BY AVA TORJANI
On Saturday, November 19th 2016, the last functioning hospital in east Aleppo was destroyed by airstrikes, leaving more than 250,000 civilians with no access to healthcare including surgery, trauma care, and consultations.
The distressing news was confirmed by the World Health Organization (WHO) representative in Syria, Elizabeth Hoff, who stated that “All hospitals in eastern Aleppo are out of service.” This was one of more than 30 different attacks since early July 2016 including those that resulted in the destruction of two general hospitals providing trauma care in the warzone and the only children’s hospital within the region. Undoubtedly, dire health consequences lie ahead for all remaining residents.
According to the non-governmental humanitarian-aid organization, Doctors Without Borders, the number of medical staff and supplies have significantly reduced with “no possibility of sending more supplies in,” leaving the city with no more than 2 weeks’ worth of medicine and food. One doctor vividly described the detrimental impact of the lack of healthcare workers. He discusses the story of a child who died after not receiving a surgery that could have easily been performed by any pediatric surgeon. Moreover, given the combination of chronic stress and lack of vaccine supplies induced by many years of war, children are found to have weakened immune systems that have led to multiple cases of otherwise preventable diseases such as measles, polio, and meningitis. Furthermore, according to an emergency room nurse, Abu Al Motassem, children have no access to food essential for healthy growth such as formula one milk or breast milk, causing them to become malnourished which consequently invokes a vicious cascade of diseases.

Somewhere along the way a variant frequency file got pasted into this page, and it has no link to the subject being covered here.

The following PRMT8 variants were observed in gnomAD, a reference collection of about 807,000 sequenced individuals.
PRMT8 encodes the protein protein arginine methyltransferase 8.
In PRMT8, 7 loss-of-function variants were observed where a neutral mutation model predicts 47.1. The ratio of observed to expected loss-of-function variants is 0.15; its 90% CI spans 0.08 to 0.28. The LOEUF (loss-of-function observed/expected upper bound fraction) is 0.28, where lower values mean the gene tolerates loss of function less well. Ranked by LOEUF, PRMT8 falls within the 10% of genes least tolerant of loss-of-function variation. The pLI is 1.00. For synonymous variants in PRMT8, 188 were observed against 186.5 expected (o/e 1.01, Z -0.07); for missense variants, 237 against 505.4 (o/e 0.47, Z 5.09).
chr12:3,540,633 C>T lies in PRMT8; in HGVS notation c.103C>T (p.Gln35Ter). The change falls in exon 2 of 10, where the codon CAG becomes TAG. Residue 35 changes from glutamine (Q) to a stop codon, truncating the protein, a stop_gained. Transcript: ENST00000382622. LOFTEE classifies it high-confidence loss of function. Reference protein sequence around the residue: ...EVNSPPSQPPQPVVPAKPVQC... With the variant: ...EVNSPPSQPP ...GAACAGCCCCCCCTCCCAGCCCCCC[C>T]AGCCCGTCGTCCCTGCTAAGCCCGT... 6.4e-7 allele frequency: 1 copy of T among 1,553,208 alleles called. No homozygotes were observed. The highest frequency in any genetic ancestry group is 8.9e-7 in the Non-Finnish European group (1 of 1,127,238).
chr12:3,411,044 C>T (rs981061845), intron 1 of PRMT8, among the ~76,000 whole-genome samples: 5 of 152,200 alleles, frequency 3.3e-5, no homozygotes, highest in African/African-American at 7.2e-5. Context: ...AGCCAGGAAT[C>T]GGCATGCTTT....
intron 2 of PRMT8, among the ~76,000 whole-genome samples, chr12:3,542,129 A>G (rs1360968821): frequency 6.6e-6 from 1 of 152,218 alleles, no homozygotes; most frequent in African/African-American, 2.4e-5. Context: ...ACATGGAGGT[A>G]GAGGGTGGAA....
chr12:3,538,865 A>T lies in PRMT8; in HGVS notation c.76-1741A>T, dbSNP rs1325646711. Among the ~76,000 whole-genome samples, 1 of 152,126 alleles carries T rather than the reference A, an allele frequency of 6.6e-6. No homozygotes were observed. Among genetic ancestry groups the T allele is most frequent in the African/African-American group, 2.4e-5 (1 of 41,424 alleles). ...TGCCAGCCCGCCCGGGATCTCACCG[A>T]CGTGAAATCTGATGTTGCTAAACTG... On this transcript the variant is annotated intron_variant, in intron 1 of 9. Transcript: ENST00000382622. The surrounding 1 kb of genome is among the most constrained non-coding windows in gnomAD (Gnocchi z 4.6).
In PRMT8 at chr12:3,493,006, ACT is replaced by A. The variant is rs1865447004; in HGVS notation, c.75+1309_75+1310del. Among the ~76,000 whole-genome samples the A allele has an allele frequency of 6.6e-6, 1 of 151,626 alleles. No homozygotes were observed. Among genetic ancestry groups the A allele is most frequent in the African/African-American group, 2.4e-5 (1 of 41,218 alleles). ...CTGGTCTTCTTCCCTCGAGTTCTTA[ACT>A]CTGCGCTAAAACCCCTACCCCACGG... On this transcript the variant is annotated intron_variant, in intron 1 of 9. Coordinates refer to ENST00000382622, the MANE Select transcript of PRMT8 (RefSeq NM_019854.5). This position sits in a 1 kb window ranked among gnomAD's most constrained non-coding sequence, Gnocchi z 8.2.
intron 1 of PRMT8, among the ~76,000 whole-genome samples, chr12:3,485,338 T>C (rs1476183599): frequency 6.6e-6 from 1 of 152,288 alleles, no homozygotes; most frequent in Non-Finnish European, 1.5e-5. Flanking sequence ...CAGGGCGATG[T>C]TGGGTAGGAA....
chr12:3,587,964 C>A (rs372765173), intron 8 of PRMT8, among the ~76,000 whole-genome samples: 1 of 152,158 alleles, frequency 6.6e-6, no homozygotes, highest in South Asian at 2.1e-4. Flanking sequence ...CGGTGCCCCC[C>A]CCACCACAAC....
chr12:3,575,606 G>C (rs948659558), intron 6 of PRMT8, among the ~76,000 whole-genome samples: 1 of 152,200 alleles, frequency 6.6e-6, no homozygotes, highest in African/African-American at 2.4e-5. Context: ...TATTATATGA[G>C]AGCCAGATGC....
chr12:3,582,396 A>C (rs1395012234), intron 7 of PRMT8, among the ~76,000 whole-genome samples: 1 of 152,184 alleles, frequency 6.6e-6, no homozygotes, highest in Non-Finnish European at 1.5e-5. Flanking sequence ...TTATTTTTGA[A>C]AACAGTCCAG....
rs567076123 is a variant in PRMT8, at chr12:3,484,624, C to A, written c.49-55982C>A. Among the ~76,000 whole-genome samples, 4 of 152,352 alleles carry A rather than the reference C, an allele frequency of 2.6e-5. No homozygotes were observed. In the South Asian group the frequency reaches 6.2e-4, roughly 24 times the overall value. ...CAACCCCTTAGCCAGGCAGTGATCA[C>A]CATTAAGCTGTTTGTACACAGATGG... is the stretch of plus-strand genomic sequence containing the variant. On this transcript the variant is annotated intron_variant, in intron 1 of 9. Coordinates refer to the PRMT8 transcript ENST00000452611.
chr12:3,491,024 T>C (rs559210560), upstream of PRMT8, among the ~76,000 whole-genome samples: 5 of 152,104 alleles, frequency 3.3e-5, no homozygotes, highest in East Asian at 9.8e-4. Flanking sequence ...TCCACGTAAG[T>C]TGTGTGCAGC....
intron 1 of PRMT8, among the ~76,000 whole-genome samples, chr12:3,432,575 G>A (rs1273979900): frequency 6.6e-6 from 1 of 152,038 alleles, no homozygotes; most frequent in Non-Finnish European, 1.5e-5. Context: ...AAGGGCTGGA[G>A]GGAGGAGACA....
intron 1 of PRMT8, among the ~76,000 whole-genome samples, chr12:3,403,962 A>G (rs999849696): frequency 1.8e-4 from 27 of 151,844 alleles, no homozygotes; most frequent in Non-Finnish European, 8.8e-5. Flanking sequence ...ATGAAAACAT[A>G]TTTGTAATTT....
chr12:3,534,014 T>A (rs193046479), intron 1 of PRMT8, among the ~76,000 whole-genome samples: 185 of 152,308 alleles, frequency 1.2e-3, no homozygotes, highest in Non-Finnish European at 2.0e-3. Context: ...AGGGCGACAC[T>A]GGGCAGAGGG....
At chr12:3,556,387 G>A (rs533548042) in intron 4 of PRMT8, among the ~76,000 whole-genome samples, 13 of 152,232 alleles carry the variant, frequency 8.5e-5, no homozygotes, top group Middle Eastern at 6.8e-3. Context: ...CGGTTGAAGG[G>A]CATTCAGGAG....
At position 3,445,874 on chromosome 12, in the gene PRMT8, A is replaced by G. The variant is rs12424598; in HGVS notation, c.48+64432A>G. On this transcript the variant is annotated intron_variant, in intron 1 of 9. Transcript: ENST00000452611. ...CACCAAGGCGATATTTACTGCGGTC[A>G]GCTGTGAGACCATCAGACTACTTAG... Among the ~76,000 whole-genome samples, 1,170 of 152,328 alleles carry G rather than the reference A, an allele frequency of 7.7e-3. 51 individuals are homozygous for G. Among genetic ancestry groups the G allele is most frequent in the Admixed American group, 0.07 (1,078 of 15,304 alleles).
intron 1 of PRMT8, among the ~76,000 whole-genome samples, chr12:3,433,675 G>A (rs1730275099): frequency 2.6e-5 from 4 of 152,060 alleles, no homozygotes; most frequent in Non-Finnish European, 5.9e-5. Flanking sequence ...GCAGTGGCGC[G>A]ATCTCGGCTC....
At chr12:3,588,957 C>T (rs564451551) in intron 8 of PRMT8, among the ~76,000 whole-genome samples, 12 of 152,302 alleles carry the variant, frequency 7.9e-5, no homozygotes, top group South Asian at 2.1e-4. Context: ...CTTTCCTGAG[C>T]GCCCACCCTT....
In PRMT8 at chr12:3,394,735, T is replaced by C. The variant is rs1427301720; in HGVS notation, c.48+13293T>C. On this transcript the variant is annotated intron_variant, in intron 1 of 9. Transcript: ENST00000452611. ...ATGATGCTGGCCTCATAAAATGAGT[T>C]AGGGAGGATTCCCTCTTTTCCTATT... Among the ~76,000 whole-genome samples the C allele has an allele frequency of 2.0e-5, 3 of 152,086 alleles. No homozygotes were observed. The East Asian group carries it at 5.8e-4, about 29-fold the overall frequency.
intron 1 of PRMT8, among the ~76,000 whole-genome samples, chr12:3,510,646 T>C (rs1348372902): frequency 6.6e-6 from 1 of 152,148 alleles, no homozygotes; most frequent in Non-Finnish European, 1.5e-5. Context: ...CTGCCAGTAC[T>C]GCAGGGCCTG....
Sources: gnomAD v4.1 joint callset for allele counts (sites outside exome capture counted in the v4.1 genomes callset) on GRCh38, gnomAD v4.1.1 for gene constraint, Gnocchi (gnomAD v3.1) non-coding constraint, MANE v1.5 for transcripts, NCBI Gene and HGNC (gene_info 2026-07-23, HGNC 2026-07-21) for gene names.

These disastrous repercussions have evoked great distress among external governments and health authorities, leading to a series of proposals to resolve this matter. Sadly, hardly any proposed solutions became a reality. After each airstrike, health and rescue workers have strived to restore the damaged hospitals—a task that has been made increasingly difficult due to a shortage of supplies. Meanwhile, the U.N representative of Syria, Staffan de Mustara, personally confronted the government to request a ceasefire and a safe entry of humanitarian aid, only to be rejected because opposing rebel groups supported the solution. Consequently, civilians’ health is left in the hands of the remaining understaffed medical and rescue workers who are working extremely hard despite the harsh conditions. For now, healthcare has shifted from hospitals to basements where patients are sheltered from airstrikes, yet the environment is unsterile for safe and effective treatment.
All in all, it is evident that the destruction of hospitals in east Aleppo has resulted in an increased risk of infectious diseases and ultimately, death. It is also clear that improvements in healthcare can only be achieved through the establishment of an effective and stable political solution. Although the frequent attempts of organizations, such as the U.N, for a temporary truce have repeatedly failed, it is important to remain persistent in trying to improve healthcare for the sake of preserving over a quarter million lives.
It is also clear that improvements in healthcare can only be achieved through the establishment of an effective and stable political solution.